The costs of traffic to a city go beyond travel delays: the impact of congestion spans wasted fuel, increased pollution (and consequent poor health) and lessened economic productivity – it’s estimated that Cairo traffic is responsible for the loss of 4% of Egypt’s GDP and New York loses up to USD $10 billion annually because of congestion. A logical step to reducing road traffic is to increase use of public transport over private vehicles. 148 cities across the world have a metro system and there are close to 540 lines in total. Together, they carry over 150 million passengers per day, at 9,000 metro stations across the world, over 11,000 kilometers of line infrastructure.
We’ve collected the data and analysed modes of transport in 11 big cities that have their own metro subway infrastructure across the world – Mexico City, Moscow, Sao Paulo, Paris, Tokyo, London, Seoul, New York, Cairo, Tehran and Bangkok – and find that the inverse relationship between the length of a metro line and ridership points towards the need to increase capacity through more kilometers of track in most cities.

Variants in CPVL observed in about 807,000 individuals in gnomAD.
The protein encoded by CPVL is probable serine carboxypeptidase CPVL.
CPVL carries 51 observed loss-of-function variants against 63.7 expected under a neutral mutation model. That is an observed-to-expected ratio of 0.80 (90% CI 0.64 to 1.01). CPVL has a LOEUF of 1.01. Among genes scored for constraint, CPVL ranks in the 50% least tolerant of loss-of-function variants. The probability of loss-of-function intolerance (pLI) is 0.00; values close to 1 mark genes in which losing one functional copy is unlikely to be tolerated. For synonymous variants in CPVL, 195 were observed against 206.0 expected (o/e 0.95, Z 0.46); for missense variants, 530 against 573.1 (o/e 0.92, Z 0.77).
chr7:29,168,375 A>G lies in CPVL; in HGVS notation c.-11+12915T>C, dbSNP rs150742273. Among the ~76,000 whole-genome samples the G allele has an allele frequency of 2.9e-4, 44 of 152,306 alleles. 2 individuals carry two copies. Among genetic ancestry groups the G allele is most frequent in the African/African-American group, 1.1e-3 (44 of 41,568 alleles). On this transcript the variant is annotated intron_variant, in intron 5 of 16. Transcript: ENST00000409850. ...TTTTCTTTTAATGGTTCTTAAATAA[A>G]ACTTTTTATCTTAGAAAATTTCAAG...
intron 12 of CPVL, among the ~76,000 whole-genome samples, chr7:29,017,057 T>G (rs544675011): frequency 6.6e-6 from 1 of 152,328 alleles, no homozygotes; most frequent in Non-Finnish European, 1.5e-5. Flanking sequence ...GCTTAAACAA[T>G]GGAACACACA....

Meanwhile, the relationship between road congestion and metro ridership generally follow opposite trends, suggesting that more metro coverage can almost guarantee less traffic on the streets.
When it comes to identifying which mode of public transport will best equipped to decrease traffic, cities should look to London, Paris, Tokyo and New York where the metro-to-bus-ratio sways in favour of the subway.
While cities with higher car-ownership-to-congestion ratio should focus on increasing cost of car ownership, tolls and fuel, cities like Seoul, Cairo, Tehran, Mexico City and Bangkok need to expand both their road network and metro coverage.
*Some missing data has been extrapolated using related information.
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